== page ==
The study of online gaming is changing. It is no longer enough to analyse one type of online community in order to understand the plethora of players who take part in online worlds and the behaviours they exhibit. MacCallum-Stewart studies the different ways in which online games create social environments and how players choose to interpret these. These games vary from the immensely popular social networking games on Facebook such as Farmville to Massively Multiplayer Online Roleplaying Games to "Free to Play" online gaming and console communities such as players of Xbox Live and PS3 games. Each chapter deals with a different aspect of social gaming online, breaking down when games are social and what narrative devices make them so. This cross-disciplinary study will appeal to those interested in cyberculture, the evolution of gaming technology, and sociologies of media.
Table of Contents
Introduction: ‘Give Honeydew 46 /1’ 1. A Brief History of Online Gaming – Or Not 2. ‘Did He Just Run in There?’: Defining Gaming Communities and Players 3. ‘Digging a Hole’: Reframing Game Narratives through Webcasting 4. ‘Someone a Fan Made’: Gaming Fan Communities and Creative Practice 5. One More Block: The Essentials of Indie Gaming 6. Indie Grows Up: A Man Called Steve 7. Always in Beta: Strategising Gaming Communities Coda: Final Thoughts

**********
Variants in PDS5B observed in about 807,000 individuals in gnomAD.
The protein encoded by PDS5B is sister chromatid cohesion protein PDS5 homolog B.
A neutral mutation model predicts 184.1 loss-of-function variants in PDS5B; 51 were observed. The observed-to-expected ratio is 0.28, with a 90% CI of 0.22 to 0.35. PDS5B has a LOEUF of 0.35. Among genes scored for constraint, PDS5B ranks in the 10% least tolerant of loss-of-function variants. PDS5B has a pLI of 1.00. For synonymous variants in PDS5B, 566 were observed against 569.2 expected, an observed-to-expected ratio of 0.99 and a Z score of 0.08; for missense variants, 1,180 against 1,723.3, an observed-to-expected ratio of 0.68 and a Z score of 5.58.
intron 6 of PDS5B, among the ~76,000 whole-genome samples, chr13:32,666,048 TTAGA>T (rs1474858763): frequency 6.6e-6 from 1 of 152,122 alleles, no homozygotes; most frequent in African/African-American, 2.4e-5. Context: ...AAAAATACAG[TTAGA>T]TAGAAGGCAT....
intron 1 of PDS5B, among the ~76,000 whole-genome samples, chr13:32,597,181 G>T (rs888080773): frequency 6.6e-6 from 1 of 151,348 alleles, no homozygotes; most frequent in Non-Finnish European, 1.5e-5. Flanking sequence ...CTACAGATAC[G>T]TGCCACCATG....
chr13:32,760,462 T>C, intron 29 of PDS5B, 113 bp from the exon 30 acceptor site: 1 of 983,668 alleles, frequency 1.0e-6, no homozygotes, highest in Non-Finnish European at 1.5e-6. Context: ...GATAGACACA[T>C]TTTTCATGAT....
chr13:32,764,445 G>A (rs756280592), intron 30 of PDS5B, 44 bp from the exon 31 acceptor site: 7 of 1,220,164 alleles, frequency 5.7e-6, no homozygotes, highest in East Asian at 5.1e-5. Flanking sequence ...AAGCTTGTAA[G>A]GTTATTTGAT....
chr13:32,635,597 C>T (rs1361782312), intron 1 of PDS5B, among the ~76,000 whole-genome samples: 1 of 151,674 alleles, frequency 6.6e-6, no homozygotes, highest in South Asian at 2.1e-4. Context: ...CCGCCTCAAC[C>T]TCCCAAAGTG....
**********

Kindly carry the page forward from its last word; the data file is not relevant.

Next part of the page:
Esther MacCallum-Stewart is a Research Fellow at the Digital Cultures Research Centre, UWE, and a Senior Lecturer at the University of Surrey in Digital Media Arts. Her work examines player communities and the ways in which they understand and interpret the game narratives around them, and sexuality, love and gender in games. She has written widely on deviant play, roleplaying, responses to gender in games, player communities and aspects of love and sexuality in games.